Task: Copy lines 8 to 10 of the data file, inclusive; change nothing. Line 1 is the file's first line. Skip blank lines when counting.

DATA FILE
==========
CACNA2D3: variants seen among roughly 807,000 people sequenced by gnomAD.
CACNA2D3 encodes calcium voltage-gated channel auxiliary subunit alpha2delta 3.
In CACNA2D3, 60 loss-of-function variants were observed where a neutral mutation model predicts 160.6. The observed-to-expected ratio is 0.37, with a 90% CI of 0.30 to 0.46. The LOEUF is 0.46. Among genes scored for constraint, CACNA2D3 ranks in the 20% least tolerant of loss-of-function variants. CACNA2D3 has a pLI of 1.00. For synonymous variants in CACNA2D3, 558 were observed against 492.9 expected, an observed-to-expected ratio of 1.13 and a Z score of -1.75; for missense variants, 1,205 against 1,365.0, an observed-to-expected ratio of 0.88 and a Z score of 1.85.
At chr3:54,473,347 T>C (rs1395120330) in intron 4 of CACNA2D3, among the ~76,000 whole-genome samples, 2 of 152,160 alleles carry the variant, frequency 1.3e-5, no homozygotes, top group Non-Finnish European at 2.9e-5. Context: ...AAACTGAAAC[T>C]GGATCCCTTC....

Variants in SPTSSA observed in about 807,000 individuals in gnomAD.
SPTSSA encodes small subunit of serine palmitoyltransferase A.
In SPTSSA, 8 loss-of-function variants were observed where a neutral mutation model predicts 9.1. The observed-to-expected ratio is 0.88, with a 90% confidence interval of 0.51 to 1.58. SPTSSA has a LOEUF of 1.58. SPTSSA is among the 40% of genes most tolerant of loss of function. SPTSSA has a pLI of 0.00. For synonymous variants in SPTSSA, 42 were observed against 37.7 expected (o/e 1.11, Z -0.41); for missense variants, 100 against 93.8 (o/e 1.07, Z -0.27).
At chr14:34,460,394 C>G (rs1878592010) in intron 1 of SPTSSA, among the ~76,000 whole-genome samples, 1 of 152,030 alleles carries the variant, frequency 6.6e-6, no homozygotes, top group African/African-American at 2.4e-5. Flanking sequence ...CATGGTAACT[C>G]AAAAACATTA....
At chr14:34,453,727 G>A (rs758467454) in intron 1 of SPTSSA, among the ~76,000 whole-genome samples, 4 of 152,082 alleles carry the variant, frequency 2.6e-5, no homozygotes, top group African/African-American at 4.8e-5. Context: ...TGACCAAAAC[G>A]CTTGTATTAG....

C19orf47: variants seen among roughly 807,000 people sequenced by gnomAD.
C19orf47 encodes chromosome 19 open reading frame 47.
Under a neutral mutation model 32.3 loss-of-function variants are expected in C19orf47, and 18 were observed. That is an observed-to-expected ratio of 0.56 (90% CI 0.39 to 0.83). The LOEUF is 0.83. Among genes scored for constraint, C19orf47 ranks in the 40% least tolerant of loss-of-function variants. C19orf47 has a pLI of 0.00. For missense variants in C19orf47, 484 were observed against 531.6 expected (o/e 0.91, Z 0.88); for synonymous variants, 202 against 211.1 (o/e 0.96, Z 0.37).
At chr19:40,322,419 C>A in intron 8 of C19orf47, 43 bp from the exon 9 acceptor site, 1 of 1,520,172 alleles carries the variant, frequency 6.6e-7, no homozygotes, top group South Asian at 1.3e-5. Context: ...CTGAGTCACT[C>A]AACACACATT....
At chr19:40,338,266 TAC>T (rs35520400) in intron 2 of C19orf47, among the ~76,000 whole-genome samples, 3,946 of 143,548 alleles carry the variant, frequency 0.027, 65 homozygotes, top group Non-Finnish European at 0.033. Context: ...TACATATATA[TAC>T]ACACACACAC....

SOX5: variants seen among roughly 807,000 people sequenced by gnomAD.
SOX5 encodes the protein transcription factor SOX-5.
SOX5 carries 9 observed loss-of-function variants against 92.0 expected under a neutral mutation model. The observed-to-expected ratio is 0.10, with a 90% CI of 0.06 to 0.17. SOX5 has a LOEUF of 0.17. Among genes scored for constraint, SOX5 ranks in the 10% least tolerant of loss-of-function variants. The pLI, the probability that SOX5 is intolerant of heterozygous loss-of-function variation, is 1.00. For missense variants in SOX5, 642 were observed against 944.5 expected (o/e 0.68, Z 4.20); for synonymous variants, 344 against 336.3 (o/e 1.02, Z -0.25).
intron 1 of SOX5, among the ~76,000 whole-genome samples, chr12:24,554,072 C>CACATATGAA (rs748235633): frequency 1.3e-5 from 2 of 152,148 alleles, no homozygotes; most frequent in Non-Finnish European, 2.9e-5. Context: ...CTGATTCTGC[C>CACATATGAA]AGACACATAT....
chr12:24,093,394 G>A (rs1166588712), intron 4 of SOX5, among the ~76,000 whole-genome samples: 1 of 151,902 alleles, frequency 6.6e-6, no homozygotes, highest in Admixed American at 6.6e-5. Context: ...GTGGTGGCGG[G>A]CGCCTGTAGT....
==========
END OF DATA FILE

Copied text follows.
At chr14:34,460,394 C>G (rs1878592010) in intron 1 of SPTSSA, among the ~76,000 whole-genome samples, 1 of 152,030 alleles carries the variant, frequency 6.6e-6, no homozygotes, top group African/African-American at 2.4e-5. Flanking sequence ...CATGGTAACT[C>G]AAAAACATTA....
At chr14:34,453,727 G>A (rs758467454) in intron 1 of SPTSSA, among the ~76,000 whole-genome samples, 4 of 152,082 alleles carry the variant, frequency 2.6e-5, no homozygotes, top group African/African-American at 4.8e-5. Context: ...TGACCAAAAC[G>A]CTTGTATTAG....

C19orf47: variants seen among roughly 807,000 people sequenced by gnomAD.